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Antarctic ice shelf calves massive iceberg

Mitchell Van Homrigh, May 20, 2021 7:00PM The Daily Telegraph

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An enormous iceberg has calved from the western side of the Ronne Ice Shelf, lying in the Weddell Sea, in Antarctica and seen here in a satellite image. The iceberg is currently the largest iceberg in the world. Picture: ESA media_cameraAn enormous iceberg has calved from the western side of the Ronne Ice Shelf, lying in the Weddell Sea, in Antarctica and seen here in a satellite image. The iceberg is currently the largest iceberg in the world. Picture: ESA

geography

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An iceberg almost 10 times the size of Sydney Harbour has broken off Antarctica.

It is the largest iceberg of its kind in the world.

The new iceberg is 170km long and 25km wide.

The enormous mass shattered off the side of the Ronne Ice Shelf*. Satellite images recorded the 4320 sqkm iceberg floating in the Weddell Sea, on the Antarctic Peninsula side of the continent.

In comparison, the Australian Capital Territory — where Canberra is — is 2358 sqkm, Kangaroo Island off South Australia is 4405 sqkm and the Indonesian island of Bali is 5780 sqkm.

The huge mass of ice is bigger than the iceberg known as A-23A, which, at 3880 sqkm when it first formed, was the previous largest.

The frozen water mass was spotted by the British Antarctic Survey and confirmed by the US National Ice Center.

Scientists are not attributing* this to climate change.

A spokewoman for the British Antarctic Survey said the calving of the iceberg was expected.

“A76 and A74 are both just part of natural cycles on ice shelves that hadn’t calved anything big for decades. It’s important to monitor the frequency of all iceberg calving, but these are all expected for now,” she said.

media_cameraA “loose tooth” on the Amery Ice Shelf, eastern Antarctica in October 2019. A crack like this could result in calving. Picture: AFP/Richard Coleman/Australian Antarctic Division

According to America’s National Snow and Ice Center, calving is when large chunks break off from glaciers or ice shelves.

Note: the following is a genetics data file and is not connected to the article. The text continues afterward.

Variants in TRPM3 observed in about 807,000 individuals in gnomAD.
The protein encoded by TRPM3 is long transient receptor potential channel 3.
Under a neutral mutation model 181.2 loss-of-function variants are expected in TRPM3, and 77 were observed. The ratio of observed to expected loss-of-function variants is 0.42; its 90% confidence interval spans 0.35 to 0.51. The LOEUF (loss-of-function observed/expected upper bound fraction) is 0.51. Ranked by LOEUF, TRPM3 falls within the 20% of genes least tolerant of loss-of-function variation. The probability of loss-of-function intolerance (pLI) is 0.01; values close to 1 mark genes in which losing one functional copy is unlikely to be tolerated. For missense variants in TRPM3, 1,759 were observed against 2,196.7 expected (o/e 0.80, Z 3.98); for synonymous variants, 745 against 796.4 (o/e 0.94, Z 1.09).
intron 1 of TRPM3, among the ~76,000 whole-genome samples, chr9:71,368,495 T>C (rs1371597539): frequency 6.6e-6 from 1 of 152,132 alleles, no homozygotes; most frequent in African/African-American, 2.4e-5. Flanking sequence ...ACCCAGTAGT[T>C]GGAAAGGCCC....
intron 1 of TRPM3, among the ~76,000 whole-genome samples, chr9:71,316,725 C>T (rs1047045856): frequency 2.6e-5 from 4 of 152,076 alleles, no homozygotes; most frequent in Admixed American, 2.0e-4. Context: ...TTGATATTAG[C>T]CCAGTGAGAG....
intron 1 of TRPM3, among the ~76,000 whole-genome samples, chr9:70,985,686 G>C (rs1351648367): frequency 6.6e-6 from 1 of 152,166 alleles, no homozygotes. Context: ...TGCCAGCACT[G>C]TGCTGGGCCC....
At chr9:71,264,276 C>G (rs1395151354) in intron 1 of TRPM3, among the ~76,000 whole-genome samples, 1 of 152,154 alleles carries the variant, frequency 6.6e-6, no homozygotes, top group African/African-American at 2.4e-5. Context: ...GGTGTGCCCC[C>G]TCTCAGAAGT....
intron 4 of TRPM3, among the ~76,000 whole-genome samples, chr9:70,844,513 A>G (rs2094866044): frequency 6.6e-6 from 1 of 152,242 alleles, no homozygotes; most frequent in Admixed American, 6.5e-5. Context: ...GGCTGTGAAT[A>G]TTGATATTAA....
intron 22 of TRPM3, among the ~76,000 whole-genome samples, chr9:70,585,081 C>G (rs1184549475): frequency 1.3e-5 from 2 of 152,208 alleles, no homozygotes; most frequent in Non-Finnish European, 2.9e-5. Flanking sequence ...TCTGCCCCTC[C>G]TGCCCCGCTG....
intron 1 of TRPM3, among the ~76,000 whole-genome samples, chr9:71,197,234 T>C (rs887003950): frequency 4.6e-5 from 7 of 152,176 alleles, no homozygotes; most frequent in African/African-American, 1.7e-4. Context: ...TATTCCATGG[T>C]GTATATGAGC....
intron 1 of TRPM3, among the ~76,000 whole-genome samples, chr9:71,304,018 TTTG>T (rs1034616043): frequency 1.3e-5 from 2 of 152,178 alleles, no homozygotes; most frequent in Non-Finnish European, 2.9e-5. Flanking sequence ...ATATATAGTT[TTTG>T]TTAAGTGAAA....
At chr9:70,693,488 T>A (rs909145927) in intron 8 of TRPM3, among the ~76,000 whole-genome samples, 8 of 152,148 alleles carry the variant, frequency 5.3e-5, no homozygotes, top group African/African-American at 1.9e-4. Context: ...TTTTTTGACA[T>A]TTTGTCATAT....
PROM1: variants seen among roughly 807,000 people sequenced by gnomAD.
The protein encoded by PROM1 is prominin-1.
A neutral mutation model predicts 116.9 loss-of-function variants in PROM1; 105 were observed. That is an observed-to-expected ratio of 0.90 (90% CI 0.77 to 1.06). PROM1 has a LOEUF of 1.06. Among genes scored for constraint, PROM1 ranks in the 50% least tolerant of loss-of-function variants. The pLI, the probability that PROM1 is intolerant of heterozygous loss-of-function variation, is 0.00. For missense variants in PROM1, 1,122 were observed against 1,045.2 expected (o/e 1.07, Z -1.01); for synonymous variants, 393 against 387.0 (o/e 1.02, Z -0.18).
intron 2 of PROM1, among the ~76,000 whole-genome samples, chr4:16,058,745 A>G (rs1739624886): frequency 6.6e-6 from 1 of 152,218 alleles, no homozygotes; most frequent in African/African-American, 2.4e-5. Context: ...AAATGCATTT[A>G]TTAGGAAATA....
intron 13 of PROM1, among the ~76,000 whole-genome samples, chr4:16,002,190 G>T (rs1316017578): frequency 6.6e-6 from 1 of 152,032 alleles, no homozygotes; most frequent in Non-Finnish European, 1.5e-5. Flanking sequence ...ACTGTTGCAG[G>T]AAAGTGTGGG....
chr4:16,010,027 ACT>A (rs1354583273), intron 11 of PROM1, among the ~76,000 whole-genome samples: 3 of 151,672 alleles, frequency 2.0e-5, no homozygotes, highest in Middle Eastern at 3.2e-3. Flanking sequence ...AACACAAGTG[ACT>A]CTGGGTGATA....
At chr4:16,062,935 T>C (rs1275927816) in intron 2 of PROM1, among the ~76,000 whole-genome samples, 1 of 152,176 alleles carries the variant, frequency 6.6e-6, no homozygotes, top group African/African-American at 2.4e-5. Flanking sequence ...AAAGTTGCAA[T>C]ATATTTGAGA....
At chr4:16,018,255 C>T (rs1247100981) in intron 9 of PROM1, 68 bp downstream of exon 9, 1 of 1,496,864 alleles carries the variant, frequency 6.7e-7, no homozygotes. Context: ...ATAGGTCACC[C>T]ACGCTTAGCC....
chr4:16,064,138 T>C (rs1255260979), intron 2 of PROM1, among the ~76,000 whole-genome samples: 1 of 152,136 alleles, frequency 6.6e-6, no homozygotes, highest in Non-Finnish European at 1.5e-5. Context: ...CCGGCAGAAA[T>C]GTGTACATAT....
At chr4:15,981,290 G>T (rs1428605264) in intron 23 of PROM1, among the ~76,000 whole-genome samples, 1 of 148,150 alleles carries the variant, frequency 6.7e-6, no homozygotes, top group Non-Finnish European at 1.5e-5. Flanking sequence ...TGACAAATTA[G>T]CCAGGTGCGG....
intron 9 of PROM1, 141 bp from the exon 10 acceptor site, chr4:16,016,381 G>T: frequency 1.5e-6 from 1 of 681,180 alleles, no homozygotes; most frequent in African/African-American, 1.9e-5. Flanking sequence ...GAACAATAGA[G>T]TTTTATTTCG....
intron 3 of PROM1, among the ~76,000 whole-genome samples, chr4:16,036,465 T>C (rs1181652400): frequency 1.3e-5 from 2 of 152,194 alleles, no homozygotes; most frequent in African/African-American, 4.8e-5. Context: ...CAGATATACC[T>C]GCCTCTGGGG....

The masses can be dangerous for ships and land masses if they smash up against them.

An iceberg is defined as a chunk of ice larger than 5m. Anything smaller is referred to as a bergy bit or growler.

media_cameraIceberg A-68A in November 2020, then about twice the size of Luxembourg and one of the largest icebergs recorded. It was moving towards South Georgia Island. There were concerns it could impact penguins’ and seals’ ability to gather food if it came to rest against the island. Picture: AFP/European Space Agency

GOING, GOING, GONE
In late April, the US National Ice Center reported that an iceberg called A68 was no more.

When it broke off Antarctica’s Larson C Ice Shelf in 2017 it was 6000 sqkm and estimated to weigh a billion tonnes, the biggest iceberg in the world.

For the first year it barely moved.

Then it began to travel north with wind and ocean currents into the South Atlantic Ocean towards South Georgia Island, where many Antarctic icebergs go.

It melted and broke up into small pieces, no longer big enough to track.

GLOSSARY

  • Ronne Ice Shelf: adjoins the Filchner Ice Shelf and they are sometimes named together as Ronne-Filchner or Filchner-Ronne
  • attributing: saying something is causing something

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Scientists solve mystery of giant melting glacier

QUICK QUIZ

  1. How did the new iceberg form?
  2. Who or what took the photo of the new iceberg?
  3. Where is it going?
  4. What is the name of this new iceberg?
  5. Explain what a growler is.

LISTEN TO THIS STORY

CLASSROOM ACTIVITIES
1. Make Up a Better Name
A small chunk of ice is called a berg bit or a growler.

Can you think of new, better and fun names for a small cloud, a small mountain, a small meteor and a small volcano?

For each new name, write a sentence explaining it is the perfect choice!

Time: allow 25 minutes to complete this activity
Curriculum Links: English, Science, Critical and Creative Thinking

2. Extension
What do you think causes the enormous icebergs to break off an ice shelf? Write down as many reasons that you can think of.

When you have finished, can you find a way to check your ideas to see if you are correct?

Time: allow 20 minutes to complete this activity
Curriculum Links: English, Science, Geography

VCOP ACTIVITY
Adjectives
An adjective is a describing word. They are often found describing a noun. To start with look at the words before the nouns.

Search for all the adjectives you can find in the article

Did you find any repeat adjectives or are they all different?

Extension: Pick three of your favourite adjectives from the text and put them in your own sentences to show other ways to use them.

Have you used any in your writing?

Extra Reading in geography